God Bless You, Philippe Audiarde - A Short Story By Ian Canon

God Bless You, Philippe Audiarde - A Short Story By Ian Canon

If you enjoyed the short story, be sure to check out my novel, “It’s A Long Way Down.”

God Bless You, Philippe Audiarde

Father Bernard,

I write to you under the cover of night, near candlelight, as the snores of our fellow Fathers fill the adjacent room. I know not what is in my power of disclosure, nor what will, through the guiding hand of God, reach your ears. I pray the good man Big John will see to it you receive this letter, as I have received yours.

I want to assure you that what you have heard is not imaginary. The disturbance you have felt around you, and the whispers in the halls of our great Church, are real. There are letters, hundreds of them, from all over the world. As we speak, they are being studied at all four corners of the Church, shielded from the prying eyes of the public, penned by what we are calling “The Man From Nowhere.”

I, along with Father Birmingham, Father Theroux, and Father Wilson, are working under the tutelage of the Archbishop Bartolucci, and have been tasked with the reading and summation of the writing that follows the ‘Great Rambling.’

But beyond this period, and in the year since the discovery of the letters, I have been fortunate enough to read the collection in its entirety. I even have, in my possession, a great number of transcriptions, which, in a moment, I will share with you.

The letters were written by a man named Philippe Audiarde. In them, he described an event, precipitated by “a deep and terrible sneeze” (Letter 1, 2 years after freeze, denoted by ‘AF’) — a sneeze so great, Father, that what would succeed it is unimaginable, unthinkable, and unbelievable. The world, he said, went silent. Philippe Audiarde, if the letters are to be believed, found himself in “a world without time” (Letter 1, 2 AF), where all around him had frozen. And, for the next 44, 519 years, Philippe Audiarde would compose 776 letters, or, at the very least, a total of 776 letters have survived his journey through non-time.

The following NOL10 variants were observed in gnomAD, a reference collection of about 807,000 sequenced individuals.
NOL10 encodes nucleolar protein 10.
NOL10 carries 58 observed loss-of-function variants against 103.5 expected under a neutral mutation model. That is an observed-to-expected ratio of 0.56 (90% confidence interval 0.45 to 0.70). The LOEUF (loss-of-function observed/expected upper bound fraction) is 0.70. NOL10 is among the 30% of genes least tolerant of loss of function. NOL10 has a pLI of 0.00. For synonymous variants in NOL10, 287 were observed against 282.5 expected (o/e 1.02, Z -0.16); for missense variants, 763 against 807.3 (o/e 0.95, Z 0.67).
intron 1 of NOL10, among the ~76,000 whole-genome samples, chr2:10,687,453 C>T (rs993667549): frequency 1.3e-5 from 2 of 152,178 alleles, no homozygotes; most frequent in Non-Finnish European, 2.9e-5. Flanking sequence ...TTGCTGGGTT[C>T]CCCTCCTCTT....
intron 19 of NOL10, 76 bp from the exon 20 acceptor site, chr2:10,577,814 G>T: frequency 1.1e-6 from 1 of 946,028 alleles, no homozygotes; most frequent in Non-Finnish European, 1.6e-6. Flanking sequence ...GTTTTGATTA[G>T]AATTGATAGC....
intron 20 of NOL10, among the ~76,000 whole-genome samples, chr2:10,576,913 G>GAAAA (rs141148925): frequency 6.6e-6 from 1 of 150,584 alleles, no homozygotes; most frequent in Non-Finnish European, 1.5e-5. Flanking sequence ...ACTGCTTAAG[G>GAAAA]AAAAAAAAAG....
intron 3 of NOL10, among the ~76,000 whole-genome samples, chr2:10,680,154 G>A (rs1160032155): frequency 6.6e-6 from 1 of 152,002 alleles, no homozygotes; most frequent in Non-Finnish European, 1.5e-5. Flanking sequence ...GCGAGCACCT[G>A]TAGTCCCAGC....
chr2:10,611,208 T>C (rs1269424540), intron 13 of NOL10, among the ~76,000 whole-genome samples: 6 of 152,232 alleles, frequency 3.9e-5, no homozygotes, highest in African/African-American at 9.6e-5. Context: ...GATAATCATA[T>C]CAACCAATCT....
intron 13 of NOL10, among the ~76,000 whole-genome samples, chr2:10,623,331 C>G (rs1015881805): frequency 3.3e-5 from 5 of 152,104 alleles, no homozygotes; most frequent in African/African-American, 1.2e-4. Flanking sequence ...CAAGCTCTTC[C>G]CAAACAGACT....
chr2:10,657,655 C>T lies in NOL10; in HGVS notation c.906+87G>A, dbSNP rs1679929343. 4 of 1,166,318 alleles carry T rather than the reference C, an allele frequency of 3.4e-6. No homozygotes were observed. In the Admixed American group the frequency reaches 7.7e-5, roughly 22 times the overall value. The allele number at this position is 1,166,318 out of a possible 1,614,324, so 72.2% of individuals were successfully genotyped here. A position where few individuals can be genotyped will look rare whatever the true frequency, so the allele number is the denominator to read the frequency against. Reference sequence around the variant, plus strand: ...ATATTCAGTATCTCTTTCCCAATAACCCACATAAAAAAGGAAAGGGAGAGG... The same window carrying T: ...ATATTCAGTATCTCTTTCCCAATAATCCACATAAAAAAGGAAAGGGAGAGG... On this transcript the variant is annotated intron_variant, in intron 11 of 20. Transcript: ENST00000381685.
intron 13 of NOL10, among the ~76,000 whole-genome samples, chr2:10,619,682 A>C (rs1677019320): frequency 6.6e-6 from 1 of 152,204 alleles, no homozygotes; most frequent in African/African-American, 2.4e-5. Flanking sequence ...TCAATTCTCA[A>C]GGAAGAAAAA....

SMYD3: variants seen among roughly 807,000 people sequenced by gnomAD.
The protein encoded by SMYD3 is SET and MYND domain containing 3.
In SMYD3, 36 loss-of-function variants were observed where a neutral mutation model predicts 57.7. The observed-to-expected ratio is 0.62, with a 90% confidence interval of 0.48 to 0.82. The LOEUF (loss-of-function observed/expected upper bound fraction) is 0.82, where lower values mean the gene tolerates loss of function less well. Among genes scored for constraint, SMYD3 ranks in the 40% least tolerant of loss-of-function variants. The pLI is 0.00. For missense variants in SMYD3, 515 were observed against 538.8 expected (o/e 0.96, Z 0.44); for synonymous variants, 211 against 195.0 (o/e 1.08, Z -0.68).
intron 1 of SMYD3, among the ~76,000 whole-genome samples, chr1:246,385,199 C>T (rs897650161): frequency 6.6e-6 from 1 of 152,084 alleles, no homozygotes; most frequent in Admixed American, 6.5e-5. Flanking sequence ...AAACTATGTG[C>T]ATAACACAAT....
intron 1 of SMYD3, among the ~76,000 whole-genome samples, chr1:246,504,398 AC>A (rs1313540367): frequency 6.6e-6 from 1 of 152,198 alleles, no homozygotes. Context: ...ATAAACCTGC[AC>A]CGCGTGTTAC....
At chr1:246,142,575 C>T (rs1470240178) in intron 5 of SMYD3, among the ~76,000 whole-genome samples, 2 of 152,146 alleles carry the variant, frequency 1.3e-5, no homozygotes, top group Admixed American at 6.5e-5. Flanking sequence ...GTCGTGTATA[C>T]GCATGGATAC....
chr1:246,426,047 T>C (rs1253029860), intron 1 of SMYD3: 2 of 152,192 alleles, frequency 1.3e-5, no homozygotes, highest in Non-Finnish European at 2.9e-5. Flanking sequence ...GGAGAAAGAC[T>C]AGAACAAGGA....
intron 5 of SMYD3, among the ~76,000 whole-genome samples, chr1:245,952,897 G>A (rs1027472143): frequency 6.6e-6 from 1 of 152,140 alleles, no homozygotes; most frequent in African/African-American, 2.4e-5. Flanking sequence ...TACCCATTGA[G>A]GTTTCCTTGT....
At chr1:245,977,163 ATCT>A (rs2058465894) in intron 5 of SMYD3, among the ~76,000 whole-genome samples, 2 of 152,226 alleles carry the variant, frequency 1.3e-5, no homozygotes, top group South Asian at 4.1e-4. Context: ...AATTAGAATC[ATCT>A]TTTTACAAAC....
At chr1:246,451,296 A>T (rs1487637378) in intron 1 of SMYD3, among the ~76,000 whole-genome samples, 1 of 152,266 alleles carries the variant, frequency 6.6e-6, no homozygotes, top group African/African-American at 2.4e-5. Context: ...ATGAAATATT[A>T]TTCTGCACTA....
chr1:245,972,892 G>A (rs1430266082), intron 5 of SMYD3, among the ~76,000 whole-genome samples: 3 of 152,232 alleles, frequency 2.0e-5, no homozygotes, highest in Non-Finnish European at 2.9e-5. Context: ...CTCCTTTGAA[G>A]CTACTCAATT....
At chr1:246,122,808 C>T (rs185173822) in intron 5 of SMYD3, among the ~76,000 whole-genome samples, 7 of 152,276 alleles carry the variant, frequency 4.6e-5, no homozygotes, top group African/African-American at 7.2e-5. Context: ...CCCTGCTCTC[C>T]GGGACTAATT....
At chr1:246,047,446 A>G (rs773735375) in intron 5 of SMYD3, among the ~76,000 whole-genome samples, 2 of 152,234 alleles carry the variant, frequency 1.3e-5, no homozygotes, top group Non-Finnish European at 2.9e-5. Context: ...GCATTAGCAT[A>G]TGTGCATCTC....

I can understand, Father Bernard, if it is your natural inclination to declare this a bold-faced hoax. This reaction has been most fortunate for the Church. As the letters were discovered, and rumours circulated, the Church has promptly steered public opinion to just that—rumours. That being said, it is the official opinion of our group of Fathers, and by our holy extension, the Church, and the historians who have viewed the letters, and the men of science who have verified the age, that these letters are exactly as old, and as real, as they claim to be.

However, there is a problem. The turmoil these letters are causing, in both our small group, and the Church at large, has been troubling. I myself know not what to make of it. If the letters are to be trusted, and again, I believe they are, what are we to believe about our world? What is the public to believe? How could the Church still remain the moral and metaphysical authority when it offers so little guidance in the face of this apparent phenomenon? It can’t, and it doesn’t, which is why I fear that should these letters be made public, the Church may crumble. And at the same time, I see wisdom and sincerity in the words. I see a man emerging from eternity to guide us home. So, I’m at an impasse, and I know not how to proceed.

Which is why I am writing this letter to you, Father Bernard. I have always trusted your judgement, advice and council, and I need it now more than ever. I shall summarize the letters for you here, some in full, some in my own words, and should you deem them worthy for the world to see, so be it—I will release Philippe Audiarde to the world.